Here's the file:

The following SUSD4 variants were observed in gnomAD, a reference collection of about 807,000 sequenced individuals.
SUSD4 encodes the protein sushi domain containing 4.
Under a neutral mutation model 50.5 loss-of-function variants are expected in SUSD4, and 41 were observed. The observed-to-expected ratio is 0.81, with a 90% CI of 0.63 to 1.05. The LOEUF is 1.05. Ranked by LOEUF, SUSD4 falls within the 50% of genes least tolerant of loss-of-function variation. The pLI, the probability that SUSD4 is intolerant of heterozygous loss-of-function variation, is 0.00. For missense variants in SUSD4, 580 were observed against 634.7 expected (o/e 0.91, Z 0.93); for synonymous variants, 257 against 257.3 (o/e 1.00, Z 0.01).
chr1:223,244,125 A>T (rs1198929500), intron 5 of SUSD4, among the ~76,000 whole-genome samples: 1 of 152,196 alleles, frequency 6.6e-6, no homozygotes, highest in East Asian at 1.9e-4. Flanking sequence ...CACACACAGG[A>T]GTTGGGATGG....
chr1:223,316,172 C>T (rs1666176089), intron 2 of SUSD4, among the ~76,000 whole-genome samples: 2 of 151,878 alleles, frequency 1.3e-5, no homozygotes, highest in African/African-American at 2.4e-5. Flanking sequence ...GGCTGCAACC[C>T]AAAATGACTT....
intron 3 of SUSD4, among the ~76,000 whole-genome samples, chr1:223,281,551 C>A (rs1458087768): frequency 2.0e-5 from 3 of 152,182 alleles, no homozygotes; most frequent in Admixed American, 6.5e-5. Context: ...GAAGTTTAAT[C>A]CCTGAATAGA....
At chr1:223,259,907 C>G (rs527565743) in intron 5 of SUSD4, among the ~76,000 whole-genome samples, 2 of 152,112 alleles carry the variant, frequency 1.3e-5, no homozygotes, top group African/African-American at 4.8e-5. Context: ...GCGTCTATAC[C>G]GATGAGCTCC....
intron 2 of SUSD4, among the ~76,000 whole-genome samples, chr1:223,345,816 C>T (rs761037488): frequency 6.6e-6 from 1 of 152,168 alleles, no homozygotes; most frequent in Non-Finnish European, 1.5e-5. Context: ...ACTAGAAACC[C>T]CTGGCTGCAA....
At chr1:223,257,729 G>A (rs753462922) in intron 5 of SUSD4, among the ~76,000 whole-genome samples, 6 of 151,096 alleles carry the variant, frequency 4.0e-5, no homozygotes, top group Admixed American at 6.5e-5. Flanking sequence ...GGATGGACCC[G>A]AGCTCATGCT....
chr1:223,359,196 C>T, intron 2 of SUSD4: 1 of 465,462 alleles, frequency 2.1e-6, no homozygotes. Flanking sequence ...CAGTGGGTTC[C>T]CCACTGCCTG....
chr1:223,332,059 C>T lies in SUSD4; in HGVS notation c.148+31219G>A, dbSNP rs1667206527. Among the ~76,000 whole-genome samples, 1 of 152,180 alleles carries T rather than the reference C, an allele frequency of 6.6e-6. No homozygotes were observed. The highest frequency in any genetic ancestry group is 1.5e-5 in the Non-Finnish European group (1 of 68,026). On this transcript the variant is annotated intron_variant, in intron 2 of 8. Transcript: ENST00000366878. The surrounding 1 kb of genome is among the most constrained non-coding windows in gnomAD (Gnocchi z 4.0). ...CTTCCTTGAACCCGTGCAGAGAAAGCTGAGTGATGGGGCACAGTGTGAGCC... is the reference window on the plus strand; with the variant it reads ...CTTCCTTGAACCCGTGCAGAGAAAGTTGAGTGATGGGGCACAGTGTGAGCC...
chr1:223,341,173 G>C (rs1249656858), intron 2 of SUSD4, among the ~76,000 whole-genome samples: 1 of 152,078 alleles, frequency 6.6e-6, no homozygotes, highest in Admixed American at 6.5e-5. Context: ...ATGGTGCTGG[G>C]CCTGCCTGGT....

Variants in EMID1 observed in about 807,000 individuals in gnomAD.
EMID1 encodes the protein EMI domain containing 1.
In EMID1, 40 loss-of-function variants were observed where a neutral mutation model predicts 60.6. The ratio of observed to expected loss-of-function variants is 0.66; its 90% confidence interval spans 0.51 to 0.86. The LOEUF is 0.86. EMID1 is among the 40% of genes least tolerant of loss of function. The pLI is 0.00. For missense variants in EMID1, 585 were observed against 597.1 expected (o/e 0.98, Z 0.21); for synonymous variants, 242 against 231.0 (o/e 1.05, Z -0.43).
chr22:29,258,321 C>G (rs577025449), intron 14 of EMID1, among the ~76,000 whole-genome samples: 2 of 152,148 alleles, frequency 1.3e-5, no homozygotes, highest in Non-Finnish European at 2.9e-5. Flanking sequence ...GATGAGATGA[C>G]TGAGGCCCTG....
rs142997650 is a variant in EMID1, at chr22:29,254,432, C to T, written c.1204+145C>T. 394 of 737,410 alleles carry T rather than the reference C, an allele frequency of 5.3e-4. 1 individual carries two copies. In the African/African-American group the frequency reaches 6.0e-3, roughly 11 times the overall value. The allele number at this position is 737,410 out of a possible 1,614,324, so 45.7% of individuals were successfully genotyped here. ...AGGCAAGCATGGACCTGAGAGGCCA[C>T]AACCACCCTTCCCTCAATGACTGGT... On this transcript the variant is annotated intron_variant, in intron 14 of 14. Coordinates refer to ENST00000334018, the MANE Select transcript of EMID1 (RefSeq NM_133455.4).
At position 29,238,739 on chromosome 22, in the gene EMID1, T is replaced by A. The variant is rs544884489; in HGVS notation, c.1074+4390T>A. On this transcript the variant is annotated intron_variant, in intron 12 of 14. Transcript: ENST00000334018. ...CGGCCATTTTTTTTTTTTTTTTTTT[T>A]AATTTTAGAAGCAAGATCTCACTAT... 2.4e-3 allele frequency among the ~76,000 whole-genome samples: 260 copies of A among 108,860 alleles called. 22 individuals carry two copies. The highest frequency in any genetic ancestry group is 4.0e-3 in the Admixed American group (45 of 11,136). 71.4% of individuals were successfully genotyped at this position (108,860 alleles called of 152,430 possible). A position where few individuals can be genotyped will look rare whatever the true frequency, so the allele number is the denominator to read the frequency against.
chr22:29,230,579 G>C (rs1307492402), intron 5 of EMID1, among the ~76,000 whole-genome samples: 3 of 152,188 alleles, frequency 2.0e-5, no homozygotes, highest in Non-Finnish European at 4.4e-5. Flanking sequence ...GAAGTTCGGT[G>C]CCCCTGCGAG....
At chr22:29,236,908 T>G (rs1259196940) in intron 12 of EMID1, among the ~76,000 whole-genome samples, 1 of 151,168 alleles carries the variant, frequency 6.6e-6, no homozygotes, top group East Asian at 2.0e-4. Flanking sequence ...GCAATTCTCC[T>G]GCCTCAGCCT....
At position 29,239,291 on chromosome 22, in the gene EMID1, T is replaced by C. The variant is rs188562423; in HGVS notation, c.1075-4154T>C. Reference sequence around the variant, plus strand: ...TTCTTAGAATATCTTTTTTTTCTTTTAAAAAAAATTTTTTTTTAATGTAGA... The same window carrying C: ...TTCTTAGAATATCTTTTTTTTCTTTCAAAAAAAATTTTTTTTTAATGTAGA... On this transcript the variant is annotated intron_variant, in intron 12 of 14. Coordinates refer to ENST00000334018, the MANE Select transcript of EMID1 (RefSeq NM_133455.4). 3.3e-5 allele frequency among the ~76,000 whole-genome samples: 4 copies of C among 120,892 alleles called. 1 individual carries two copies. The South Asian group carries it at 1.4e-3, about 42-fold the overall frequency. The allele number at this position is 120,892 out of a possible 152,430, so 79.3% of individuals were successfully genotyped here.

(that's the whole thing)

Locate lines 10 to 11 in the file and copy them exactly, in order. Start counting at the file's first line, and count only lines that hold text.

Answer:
chr1:223,359,196 C>T, intron 2 of SUSD4: 1 of 465,462 alleles, frequency 2.1e-6, no homozygotes. Flanking sequence ...CAGTGGGTTC[C>T]CCACTGCCTG....
chr1:223,332,059 C>T lies in SUSD4; in HGVS notation c.148+31219G>A, dbSNP rs1667206527. Among the ~76,000 whole-genome samples, 1 of 152,180 alleles carries T rather than the reference C, an allele frequency of 6.6e-6. No homozygotes were observed. The highest frequency in any genetic ancestry group is 1.5e-5 in the Non-Finnish European group (1 of 68,026). On this transcript the variant is annotated intron_variant, in intron 2 of 8. Transcript: ENST00000366878. The surrounding 1 kb of genome is among the most constrained non-coding windows in gnomAD (Gnocchi z 4.0). ...CTTCCTTGAACCCGTGCAGAGAAAGCTGAGTGATGGGGCACAGTGTGAGCC... is the reference window on the plus strand; with the variant it reads ...CTTCCTTGAACCCGTGCAGAGAAAGTTGAGTGATGGGGCACAGTGTGAGCC...